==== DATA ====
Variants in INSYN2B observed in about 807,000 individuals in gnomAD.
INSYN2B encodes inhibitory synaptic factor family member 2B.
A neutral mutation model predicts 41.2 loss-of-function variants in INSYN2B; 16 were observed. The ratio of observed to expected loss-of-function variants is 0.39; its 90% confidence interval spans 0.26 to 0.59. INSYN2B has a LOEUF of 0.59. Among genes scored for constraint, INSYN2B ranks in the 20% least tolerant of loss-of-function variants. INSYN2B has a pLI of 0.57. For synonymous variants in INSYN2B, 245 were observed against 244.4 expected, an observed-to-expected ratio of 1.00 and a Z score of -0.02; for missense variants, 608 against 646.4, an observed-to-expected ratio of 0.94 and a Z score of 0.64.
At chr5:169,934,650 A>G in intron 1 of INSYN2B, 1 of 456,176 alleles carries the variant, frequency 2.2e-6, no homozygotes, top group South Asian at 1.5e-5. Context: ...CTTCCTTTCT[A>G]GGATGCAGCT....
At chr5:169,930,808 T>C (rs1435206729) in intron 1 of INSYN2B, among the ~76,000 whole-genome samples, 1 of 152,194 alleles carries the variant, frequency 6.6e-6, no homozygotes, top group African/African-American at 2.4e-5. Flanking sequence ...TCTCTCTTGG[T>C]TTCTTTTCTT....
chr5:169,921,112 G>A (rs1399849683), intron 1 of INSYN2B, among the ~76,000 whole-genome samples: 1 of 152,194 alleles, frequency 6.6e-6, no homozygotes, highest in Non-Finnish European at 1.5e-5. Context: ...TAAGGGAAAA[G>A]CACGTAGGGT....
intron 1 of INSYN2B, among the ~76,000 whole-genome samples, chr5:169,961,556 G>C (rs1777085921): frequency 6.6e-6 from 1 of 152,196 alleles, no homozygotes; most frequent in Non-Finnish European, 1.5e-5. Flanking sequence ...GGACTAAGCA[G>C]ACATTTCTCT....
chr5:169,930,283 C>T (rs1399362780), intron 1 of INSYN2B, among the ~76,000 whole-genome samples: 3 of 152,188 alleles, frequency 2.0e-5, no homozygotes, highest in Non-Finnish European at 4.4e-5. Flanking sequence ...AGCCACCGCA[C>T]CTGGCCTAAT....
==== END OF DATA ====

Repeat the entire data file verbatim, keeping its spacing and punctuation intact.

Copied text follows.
Variants in INSYN2B observed in about 807,000 individuals in gnomAD.
INSYN2B encodes inhibitory synaptic factor family member 2B.
A neutral mutation model predicts 41.2 loss-of-function variants in INSYN2B; 16 were observed. The ratio of observed to expected loss-of-function variants is 0.39; its 90% confidence interval spans 0.26 to 0.59. INSYN2B has a LOEUF of 0.59. Among genes scored for constraint, INSYN2B ranks in the 20% least tolerant of loss-of-function variants. INSYN2B has a pLI of 0.57. For synonymous variants in INSYN2B, 245 were observed against 244.4 expected, an observed-to-expected ratio of 1.00 and a Z score of -0.02; for missense variants, 608 against 646.4, an observed-to-expected ratio of 0.94 and a Z score of 0.64.
At chr5:169,934,650 A>G in intron 1 of INSYN2B, 1 of 456,176 alleles carries the variant, frequency 2.2e-6, no homozygotes, top group South Asian at 1.5e-5. Context: ...CTTCCTTTCT[A>G]GGATGCAGCT....
At chr5:169,930,808 T>C (rs1435206729) in intron 1 of INSYN2B, among the ~76,000 whole-genome samples, 1 of 152,194 alleles carries the variant, frequency 6.6e-6, no homozygotes, top group African/African-American at 2.4e-5. Flanking sequence ...TCTCTCTTGG[T>C]TTCTTTTCTT....
chr5:169,921,112 G>A (rs1399849683), intron 1 of INSYN2B, among the ~76,000 whole-genome samples: 1 of 152,194 alleles, frequency 6.6e-6, no homozygotes, highest in Non-Finnish European at 1.5e-5. Context: ...TAAGGGAAAA[G>A]CACGTAGGGT....
intron 1 of INSYN2B, among the ~76,000 whole-genome samples, chr5:169,961,556 G>C (rs1777085921): frequency 6.6e-6 from 1 of 152,196 alleles, no homozygotes; most frequent in Non-Finnish European, 1.5e-5. Flanking sequence ...GGACTAAGCA[G>C]ACATTTCTCT....
chr5:169,930,283 C>T (rs1399362780), intron 1 of INSYN2B, among the ~76,000 whole-genome samples: 3 of 152,188 alleles, frequency 2.0e-5, no homozygotes, highest in Non-Finnish European at 4.4e-5. Flanking sequence ...AGCCACCGCA[C>T]CTGGCCTAAT....